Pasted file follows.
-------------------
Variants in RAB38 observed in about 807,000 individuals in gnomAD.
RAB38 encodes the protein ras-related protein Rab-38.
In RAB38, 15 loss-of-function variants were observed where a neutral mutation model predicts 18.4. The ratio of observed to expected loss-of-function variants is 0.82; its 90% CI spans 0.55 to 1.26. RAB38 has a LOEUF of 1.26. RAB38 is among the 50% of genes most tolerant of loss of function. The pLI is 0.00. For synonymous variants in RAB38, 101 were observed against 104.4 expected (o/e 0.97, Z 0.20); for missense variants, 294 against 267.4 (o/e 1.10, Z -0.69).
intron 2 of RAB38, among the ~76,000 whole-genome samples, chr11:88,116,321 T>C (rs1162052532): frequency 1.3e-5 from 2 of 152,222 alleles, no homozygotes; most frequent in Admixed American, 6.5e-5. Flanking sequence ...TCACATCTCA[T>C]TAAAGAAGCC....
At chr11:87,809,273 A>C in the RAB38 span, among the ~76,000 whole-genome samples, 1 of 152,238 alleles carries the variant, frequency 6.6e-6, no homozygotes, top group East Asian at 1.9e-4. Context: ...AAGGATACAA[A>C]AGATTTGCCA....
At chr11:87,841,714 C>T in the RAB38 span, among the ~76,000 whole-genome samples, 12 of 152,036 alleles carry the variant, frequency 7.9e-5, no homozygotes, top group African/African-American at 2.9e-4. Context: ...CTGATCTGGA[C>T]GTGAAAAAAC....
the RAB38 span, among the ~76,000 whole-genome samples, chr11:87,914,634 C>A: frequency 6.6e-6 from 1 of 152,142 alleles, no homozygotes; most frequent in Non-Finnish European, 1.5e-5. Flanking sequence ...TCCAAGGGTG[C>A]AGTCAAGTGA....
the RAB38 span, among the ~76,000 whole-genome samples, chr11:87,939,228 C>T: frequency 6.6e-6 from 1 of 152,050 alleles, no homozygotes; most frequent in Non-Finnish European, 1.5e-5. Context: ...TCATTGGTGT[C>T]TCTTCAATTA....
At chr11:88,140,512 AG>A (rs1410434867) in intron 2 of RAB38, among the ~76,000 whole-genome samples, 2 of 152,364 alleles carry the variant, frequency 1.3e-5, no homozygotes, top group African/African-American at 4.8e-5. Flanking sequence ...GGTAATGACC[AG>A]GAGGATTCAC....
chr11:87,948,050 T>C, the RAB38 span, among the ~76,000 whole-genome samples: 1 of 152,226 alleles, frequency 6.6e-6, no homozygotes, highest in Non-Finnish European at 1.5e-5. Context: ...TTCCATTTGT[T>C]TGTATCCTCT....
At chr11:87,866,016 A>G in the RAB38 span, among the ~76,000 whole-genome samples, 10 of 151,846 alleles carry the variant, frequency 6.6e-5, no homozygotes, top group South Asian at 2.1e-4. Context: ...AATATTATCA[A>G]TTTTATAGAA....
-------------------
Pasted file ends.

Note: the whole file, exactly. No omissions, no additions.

Variants in RAB38 observed in about 807,000 individuals in gnomAD.
RAB38 encodes the protein ras-related protein Rab-38.
In RAB38, 15 loss-of-function variants were observed where a neutral mutation model predicts 18.4. The ratio of observed to expected loss-of-function variants is 0.82; its 90% CI spans 0.55 to 1.26. RAB38 has a LOEUF of 1.26. RAB38 is among the 50% of genes most tolerant of loss of function. The pLI is 0.00. For synonymous variants in RAB38, 101 were observed against 104.4 expected (o/e 0.97, Z 0.20); for missense variants, 294 against 267.4 (o/e 1.10, Z -0.69).
intron 2 of RAB38, among the ~76,000 whole-genome samples, chr11:88,116,321 T>C (rs1162052532): frequency 1.3e-5 from 2 of 152,222 alleles, no homozygotes; most frequent in Admixed American, 6.5e-5. Flanking sequence ...TCACATCTCA[T>C]TAAAGAAGCC....
At chr11:87,809,273 A>C in the RAB38 span, among the ~76,000 whole-genome samples, 1 of 152,238 alleles carries the variant, frequency 6.6e-6, no homozygotes, top group East Asian at 1.9e-4. Context: ...AAGGATACAA[A>C]AGATTTGCCA....
At chr11:87,841,714 C>T in the RAB38 span, among the ~76,000 whole-genome samples, 12 of 152,036 alleles carry the variant, frequency 7.9e-5, no homozygotes, top group African/African-American at 2.9e-4. Context: ...CTGATCTGGA[C>T]GTGAAAAAAC....
the RAB38 span, among the ~76,000 whole-genome samples, chr11:87,914,634 C>A: frequency 6.6e-6 from 1 of 152,142 alleles, no homozygotes; most frequent in Non-Finnish European, 1.5e-5. Flanking sequence ...TCCAAGGGTG[C>A]AGTCAAGTGA....
the RAB38 span, among the ~76,000 whole-genome samples, chr11:87,939,228 C>T: frequency 6.6e-6 from 1 of 152,050 alleles, no homozygotes; most frequent in Non-Finnish European, 1.5e-5. Context: ...TCATTGGTGT[C>T]TCTTCAATTA....
At chr11:88,140,512 AG>A (rs1410434867) in intron 2 of RAB38, among the ~76,000 whole-genome samples, 2 of 152,364 alleles carry the variant, frequency 1.3e-5, no homozygotes, top group African/African-American at 4.8e-5. Flanking sequence ...GGTAATGACC[AG>A]GAGGATTCAC....
chr11:87,948,050 T>C, the RAB38 span, among the ~76,000 whole-genome samples: 1 of 152,226 alleles, frequency 6.6e-6, no homozygotes, highest in Non-Finnish European at 1.5e-5. Context: ...TTCCATTTGT[T>C]TGTATCCTCT....
At chr11:87,866,016 A>G in the RAB38 span, among the ~76,000 whole-genome samples, 10 of 151,846 alleles carry the variant, frequency 6.6e-5, no homozygotes, top group South Asian at 2.1e-4. Context: ...AATATTATCA[A>G]TTTTATAGAA....